First Trimester Body Changes

March 21, 2023


For many women, finding out they're having a baby is exciting, but it also means their body is going to go through many changes over the next nine months, especially in the first trimester.

First, they find out they're pregnant. Then, the body starts to change. According to Rochelle L. Arbuah-Aning, M.D., a board certified OB-GYN with The Family Childbirth and Children's Center at Mercy Medical Center, it doesn't take long.

"I tell my patients, 'Pregnancy can affect you head to toe, even before that little baby bump is showing,'" Dr. Arbuah-Aning said.

For Lauren Caraccio, while expecting her second child, the biggest change came early on.

"I didn't have any nausea or sickness, which was great, but I did feel pretty tired in the first trimester," Caraccio said.

Fatigue is very common, and for some women, pregnancy hormones can cause nausea and vomiting early on.

"Eating smaller meals instead of bigger meals can help with that nausea, avoiding a really full stomach or also avoiding a really empty stomach can help to get through that first trimester," Dr. Arbuah-Aning, said.

And don't be surprised if smells intensify.

"Your sense of smell heightens in pregnancy, and so a lot of things that normally didn't used to bother you, or that you might have enjoyed, can be quite repulsive in pregnancy, especially in that first trimester," Dr. Arbuah-Aning explained.

Other possible changes include swollen or tender breasts, constipation and trouble sleeping. As for fatigue, a small amount of caffeine, no more than one to two cups of coffee or tea a day can help, along with naps and getting to bed early.

"Fatigue is one of those things. Usually, it gets better by the end of the first trimester, but for some people, they find themselves feeling tired through the whole pregnancy. I tell people, 'Take it easy on yourself. Don't overcommit. Don't overexert yourself. And, set small little to-do lists, so you're still getting things accomplished, but you're not putting too much strain on your body,'" Dr. Arbuah-Aning said.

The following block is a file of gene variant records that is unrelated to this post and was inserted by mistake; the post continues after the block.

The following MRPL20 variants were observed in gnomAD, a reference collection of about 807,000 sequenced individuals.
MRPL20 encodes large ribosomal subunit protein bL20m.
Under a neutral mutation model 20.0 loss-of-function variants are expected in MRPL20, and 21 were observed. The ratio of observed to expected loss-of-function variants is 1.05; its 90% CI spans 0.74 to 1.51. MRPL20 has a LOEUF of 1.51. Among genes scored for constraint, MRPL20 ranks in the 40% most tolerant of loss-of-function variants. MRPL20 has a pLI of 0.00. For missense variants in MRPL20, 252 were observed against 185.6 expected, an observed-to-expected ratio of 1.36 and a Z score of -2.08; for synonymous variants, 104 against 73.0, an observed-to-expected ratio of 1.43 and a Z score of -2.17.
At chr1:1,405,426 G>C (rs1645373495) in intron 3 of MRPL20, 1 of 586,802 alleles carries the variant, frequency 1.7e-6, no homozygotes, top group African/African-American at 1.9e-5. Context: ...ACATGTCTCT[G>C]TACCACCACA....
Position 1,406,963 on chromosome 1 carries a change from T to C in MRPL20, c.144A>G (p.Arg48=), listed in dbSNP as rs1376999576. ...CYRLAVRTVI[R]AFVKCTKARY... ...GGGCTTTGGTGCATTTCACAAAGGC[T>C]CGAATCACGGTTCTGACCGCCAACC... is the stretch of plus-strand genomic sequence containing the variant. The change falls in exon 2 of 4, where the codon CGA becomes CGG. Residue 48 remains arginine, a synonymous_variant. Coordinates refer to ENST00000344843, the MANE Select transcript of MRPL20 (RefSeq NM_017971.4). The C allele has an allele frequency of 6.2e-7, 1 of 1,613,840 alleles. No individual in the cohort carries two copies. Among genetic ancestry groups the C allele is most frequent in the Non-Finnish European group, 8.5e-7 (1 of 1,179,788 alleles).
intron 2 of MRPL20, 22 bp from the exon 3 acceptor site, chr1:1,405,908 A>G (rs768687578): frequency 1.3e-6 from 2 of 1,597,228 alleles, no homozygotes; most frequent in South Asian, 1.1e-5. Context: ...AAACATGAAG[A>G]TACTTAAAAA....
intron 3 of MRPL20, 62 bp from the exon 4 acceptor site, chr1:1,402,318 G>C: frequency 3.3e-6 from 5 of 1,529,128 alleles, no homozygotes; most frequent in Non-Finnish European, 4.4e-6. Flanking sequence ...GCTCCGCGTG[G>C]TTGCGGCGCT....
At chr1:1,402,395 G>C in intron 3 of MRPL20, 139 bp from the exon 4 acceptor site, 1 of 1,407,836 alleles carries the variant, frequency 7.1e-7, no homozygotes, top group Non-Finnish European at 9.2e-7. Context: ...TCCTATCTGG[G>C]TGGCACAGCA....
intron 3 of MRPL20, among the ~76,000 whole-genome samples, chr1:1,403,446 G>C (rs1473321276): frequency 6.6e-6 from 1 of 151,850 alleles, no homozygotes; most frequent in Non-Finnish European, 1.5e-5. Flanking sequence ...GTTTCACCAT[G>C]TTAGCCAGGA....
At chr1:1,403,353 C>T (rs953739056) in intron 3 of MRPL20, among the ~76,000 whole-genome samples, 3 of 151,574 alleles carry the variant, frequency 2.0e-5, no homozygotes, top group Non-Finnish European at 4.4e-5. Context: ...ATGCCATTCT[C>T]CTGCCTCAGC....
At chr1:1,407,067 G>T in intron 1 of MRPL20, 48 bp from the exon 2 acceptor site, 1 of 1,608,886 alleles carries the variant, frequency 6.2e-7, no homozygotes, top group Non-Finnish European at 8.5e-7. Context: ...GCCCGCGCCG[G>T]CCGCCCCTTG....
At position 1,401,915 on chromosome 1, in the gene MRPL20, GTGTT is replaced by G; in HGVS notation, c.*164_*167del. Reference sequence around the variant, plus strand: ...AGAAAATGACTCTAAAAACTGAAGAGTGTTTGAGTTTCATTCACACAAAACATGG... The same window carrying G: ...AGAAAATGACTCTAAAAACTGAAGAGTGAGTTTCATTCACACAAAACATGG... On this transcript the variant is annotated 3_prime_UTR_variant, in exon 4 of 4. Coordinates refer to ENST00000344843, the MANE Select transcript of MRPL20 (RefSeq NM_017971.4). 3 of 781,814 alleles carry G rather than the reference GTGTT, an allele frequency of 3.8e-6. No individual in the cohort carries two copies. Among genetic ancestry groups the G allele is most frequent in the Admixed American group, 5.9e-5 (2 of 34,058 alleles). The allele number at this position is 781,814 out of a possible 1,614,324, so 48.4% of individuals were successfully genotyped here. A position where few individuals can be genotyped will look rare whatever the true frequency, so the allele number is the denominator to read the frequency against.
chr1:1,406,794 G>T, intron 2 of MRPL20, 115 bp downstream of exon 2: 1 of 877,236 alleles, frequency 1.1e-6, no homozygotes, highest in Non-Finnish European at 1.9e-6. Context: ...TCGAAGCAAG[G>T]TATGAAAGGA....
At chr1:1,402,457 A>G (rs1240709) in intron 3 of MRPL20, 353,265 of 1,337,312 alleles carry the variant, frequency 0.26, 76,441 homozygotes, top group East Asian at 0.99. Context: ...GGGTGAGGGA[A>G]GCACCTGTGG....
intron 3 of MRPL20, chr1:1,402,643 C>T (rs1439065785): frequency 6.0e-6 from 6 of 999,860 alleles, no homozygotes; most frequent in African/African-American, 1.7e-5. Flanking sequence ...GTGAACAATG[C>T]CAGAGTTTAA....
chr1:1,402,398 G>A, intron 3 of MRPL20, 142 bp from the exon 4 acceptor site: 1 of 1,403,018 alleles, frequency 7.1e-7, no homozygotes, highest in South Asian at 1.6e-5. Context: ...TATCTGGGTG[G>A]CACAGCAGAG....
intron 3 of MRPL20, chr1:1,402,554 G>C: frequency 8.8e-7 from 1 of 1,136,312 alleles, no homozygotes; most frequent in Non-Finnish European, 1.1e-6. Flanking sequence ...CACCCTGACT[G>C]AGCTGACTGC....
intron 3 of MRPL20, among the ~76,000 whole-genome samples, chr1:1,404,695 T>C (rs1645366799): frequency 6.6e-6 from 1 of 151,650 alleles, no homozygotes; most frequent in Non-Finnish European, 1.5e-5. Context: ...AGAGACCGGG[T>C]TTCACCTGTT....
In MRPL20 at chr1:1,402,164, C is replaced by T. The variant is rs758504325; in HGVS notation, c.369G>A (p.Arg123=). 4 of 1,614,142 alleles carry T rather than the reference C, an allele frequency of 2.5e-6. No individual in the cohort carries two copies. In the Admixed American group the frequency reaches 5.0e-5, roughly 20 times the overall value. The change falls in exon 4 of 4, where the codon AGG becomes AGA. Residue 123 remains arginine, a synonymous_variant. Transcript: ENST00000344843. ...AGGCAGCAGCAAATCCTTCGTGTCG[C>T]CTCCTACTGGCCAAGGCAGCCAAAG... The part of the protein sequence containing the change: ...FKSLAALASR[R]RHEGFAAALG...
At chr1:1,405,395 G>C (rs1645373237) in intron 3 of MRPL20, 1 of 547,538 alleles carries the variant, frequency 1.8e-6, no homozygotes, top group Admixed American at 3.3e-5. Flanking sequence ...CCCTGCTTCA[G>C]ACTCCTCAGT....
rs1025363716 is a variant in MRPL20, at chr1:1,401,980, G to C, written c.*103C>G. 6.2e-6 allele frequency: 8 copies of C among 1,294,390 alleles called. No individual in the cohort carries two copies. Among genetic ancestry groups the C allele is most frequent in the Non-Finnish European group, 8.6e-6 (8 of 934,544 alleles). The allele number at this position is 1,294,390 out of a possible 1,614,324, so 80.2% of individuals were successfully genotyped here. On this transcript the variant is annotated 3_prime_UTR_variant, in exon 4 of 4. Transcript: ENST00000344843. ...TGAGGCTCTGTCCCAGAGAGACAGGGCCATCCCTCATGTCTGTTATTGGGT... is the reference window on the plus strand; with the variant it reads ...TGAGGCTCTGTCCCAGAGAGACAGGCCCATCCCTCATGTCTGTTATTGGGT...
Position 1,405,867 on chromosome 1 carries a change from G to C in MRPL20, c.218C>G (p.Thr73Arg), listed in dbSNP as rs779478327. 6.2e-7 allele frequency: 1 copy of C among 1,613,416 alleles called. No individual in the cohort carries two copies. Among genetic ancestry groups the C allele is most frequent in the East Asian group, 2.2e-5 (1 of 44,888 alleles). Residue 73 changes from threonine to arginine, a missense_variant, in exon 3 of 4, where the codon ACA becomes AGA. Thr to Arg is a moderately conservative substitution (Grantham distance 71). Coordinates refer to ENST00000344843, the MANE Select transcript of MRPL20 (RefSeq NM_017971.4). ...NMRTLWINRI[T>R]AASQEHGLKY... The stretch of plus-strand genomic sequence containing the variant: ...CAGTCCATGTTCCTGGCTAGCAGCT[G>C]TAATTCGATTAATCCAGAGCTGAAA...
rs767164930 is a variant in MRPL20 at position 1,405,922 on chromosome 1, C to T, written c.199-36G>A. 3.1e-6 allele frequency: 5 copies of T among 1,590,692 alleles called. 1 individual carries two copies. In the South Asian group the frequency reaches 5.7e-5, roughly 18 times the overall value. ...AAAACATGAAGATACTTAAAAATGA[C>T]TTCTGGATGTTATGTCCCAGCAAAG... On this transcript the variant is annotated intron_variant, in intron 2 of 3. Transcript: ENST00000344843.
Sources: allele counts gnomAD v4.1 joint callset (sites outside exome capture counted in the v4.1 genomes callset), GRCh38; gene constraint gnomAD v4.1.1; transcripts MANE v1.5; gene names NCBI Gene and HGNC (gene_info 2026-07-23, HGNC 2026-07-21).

View Mercy OB/GYN Dr. Rochelle Arbuah-Aning's interview regarding body changes during the first trimester of pregnancy.

About Mercy

Founded in 1874 in Downtown Baltimore by the Sisters of Mercy, Mercy Medical Center is a 183-licensed bed, acute care, university-affiliated teaching hospital. Mercy has been recognized as a high-performing Maryland hospital (U.S. News & World Report); has achieved an overall 5-Star quality, safety, and patient experience rating (Centers for Medicare and Medicaid Services); is A-rated for Hospital Safety (Leapfrog Hospital Safety Grade); and is certified by the American Nurses Credentialing Center as a Magnet™ hospital. Mercy Health Services is a not-for-profit health system and the parent company of Mercy Medical Center and Mercy Personal Physicians.

Media Contact 
Dan Collins, Senior Director of Media Relations
Office: 410-332-9714
Cell: 410-375-7342